The proposal by the European Commission (EC) to establish shareholder democracy and mandate the one-share-one-vote (1S1V) rule has drawn much attention and controversy. In the pursuit of enhancing the rule’s popular appeal, EC policy-makers have tried to make equiproportional representation nearly an aphorism tied to corporate egalitarian sentiments underscoring justice, fairness and ethics.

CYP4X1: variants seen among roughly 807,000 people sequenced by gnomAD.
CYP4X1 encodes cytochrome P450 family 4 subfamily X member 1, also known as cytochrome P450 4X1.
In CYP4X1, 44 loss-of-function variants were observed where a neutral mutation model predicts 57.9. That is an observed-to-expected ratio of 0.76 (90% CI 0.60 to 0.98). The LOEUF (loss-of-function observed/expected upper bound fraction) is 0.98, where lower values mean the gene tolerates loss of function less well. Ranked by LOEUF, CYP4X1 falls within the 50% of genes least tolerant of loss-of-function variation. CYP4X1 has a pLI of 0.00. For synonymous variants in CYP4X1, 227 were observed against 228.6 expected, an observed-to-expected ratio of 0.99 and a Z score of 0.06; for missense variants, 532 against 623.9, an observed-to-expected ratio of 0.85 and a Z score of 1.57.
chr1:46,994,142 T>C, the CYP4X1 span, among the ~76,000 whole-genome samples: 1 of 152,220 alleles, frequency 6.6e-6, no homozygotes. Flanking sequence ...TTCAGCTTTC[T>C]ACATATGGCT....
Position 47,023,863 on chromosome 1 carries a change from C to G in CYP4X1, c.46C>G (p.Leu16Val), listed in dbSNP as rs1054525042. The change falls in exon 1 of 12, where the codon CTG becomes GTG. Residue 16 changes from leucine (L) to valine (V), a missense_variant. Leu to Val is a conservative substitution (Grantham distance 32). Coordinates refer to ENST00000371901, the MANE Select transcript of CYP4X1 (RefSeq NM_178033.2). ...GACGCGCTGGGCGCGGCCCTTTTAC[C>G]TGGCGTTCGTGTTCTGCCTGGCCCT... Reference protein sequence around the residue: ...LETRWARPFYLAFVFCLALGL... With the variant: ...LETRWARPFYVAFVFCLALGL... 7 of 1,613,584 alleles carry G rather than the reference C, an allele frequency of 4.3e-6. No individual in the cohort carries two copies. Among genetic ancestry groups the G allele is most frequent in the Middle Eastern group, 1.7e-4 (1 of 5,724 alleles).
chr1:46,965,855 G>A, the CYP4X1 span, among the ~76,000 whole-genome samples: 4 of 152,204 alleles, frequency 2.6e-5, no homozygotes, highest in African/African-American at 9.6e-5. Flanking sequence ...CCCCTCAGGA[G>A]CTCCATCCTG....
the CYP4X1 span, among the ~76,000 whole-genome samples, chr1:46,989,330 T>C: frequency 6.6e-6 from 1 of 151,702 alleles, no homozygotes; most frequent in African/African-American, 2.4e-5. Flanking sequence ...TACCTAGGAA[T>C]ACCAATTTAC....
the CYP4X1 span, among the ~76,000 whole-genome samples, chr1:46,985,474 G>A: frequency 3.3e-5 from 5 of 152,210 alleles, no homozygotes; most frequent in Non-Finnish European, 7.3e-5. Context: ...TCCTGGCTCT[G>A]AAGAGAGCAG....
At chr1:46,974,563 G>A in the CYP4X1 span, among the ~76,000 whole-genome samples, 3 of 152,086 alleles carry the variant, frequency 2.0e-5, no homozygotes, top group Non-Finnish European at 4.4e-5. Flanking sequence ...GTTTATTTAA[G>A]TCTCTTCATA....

Against this background, the question of who could be against or oppose shareholder democracy and the 1S1V principle has both positive and normative implications. Based on a review of law, finance and economics literature, this paper evaluates the economic underpinnings and efficiency of the 1S1V rule and concludes that it is generally a suboptimal corporate voting mechanism that compromises economic efficiency and distorts the incentives of corporate constituencies. Moreover, it is submitted that any attempt to mandate the 1S1V rule in the EU may induce companies to either move to pyramidal structures, or worse yet, to use complex derivative instruments to decompose 1S1V. While pyramidal holdings may further facilitate the expropriation of private benefits of control as compared with the status-quo, the decomposition of 1S1V can i) advance the heterogeneity of shareholders’ preferences, ii) create incentives for negative voting arbitrage and iii) encourage the approval of value-reducing transactions, or more detrimentally, become a takeover defence. Hence, even if the EC could hypothetically move corporate Europe from controlled ownership structures to minority ownership ones, the 1S1V rule is clearly worse than the status quo, and paradoxically, instead of advancing the rights of ‘disadvantaged shareholders’, 1S1V can further demote shareholder rights in the EU. As a result, 1S1V cannot promote a value-enhancing corporate governance regime in the EU in general or meet the policy objectives of the intervention in particular in terms of strengthening the rights of shareholders, enhancing third-party protection or fostering the efficiency and competitiveness of businesses in the EU. On the normative side, the issue is how corporate law can efficiently police the ability of controlling shareholders to expropriate rights from minority shareholders in general and extract private benefits in particular. Generally, it is asserted that if a corporate law regime is adequately structured, there is less need to worry about the voting rule and non-proportionate votes would not be a serious concern. In this light, this paper concludes by outlining some policy alternatives. First, it is proposed that EC policy-makers refrain from taking any measure at the level of the Community and instead strengthen disclosure rules and their enforcement. Furthermore, some standards of review governing significant conflict-of-interest transactions can be introduced. Second, it is submitted that EC policy-makers can also provide for opt-in and opt-out provisions for the member states. Such menus should once again be complemented by rigorous disclosure rules and their enforcement.